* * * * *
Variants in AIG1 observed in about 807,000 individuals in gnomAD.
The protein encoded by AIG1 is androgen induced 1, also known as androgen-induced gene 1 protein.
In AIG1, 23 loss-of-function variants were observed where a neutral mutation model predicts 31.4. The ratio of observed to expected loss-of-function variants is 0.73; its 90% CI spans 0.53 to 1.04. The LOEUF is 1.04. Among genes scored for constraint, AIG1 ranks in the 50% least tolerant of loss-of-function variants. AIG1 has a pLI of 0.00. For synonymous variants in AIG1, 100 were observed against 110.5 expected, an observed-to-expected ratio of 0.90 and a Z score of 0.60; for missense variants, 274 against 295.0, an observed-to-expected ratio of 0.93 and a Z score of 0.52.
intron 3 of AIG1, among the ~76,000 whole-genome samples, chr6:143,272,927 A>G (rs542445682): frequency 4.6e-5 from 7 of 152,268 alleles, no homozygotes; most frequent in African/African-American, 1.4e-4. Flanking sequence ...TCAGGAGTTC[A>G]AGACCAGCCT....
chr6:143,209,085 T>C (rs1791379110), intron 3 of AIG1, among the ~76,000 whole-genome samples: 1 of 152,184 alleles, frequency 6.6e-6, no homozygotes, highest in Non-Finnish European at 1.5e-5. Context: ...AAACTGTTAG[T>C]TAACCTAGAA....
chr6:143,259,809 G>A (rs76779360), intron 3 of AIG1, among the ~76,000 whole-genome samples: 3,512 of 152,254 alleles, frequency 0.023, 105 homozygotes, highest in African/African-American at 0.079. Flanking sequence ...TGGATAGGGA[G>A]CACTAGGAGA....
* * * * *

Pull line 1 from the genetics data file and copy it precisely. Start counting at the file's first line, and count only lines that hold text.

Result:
Variants in AIG1 observed in about 807,000 individuals in gnomAD.